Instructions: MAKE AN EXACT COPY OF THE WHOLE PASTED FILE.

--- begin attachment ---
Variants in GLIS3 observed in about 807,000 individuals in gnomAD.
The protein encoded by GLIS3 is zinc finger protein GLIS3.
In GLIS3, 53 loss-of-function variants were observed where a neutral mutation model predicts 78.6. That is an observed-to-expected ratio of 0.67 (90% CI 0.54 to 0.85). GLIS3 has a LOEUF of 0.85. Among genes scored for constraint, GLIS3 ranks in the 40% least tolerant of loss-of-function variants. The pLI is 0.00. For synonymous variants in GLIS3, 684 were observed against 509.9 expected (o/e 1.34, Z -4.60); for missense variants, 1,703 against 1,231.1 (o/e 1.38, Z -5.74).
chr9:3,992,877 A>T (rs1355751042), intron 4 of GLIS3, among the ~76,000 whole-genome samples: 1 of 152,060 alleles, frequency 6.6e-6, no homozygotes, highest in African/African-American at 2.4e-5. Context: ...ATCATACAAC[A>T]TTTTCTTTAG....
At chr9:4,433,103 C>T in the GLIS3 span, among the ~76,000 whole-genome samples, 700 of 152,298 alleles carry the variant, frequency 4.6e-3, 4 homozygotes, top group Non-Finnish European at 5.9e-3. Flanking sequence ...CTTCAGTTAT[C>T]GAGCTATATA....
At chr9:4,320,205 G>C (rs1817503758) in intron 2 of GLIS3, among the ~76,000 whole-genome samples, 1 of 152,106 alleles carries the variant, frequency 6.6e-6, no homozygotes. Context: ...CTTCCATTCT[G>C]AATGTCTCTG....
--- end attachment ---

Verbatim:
Variants in GLIS3 observed in about 807,000 individuals in gnomAD.
The protein encoded by GLIS3 is zinc finger protein GLIS3.
In GLIS3, 53 loss-of-function variants were observed where a neutral mutation model predicts 78.6. That is an observed-to-expected ratio of 0.67 (90% CI 0.54 to 0.85). GLIS3 has a LOEUF of 0.85. Among genes scored for constraint, GLIS3 ranks in the 40% least tolerant of loss-of-function variants. The pLI is 0.00. For synonymous variants in GLIS3, 684 were observed against 509.9 expected (o/e 1.34, Z -4.60); for missense variants, 1,703 against 1,231.1 (o/e 1.38, Z -5.74).
chr9:3,992,877 A>T (rs1355751042), intron 4 of GLIS3, among the ~76,000 whole-genome samples: 1 of 152,060 alleles, frequency 6.6e-6, no homozygotes, highest in African/African-American at 2.4e-5. Context: ...ATCATACAAC[A>T]TTTTCTTTAG....
At chr9:4,433,103 C>T in the GLIS3 span, among the ~76,000 whole-genome samples, 700 of 152,298 alleles carry the variant, frequency 4.6e-3, 4 homozygotes, top group Non-Finnish European at 5.9e-3. Flanking sequence ...CTTCAGTTAT[C>T]GAGCTATATA....
At chr9:4,320,205 G>C (rs1817503758) in intron 2 of GLIS3, among the ~76,000 whole-genome samples, 1 of 152,106 alleles carries the variant, frequency 6.6e-6, no homozygotes. Context: ...CTTCCATTCT[G>C]AATGTCTCTG....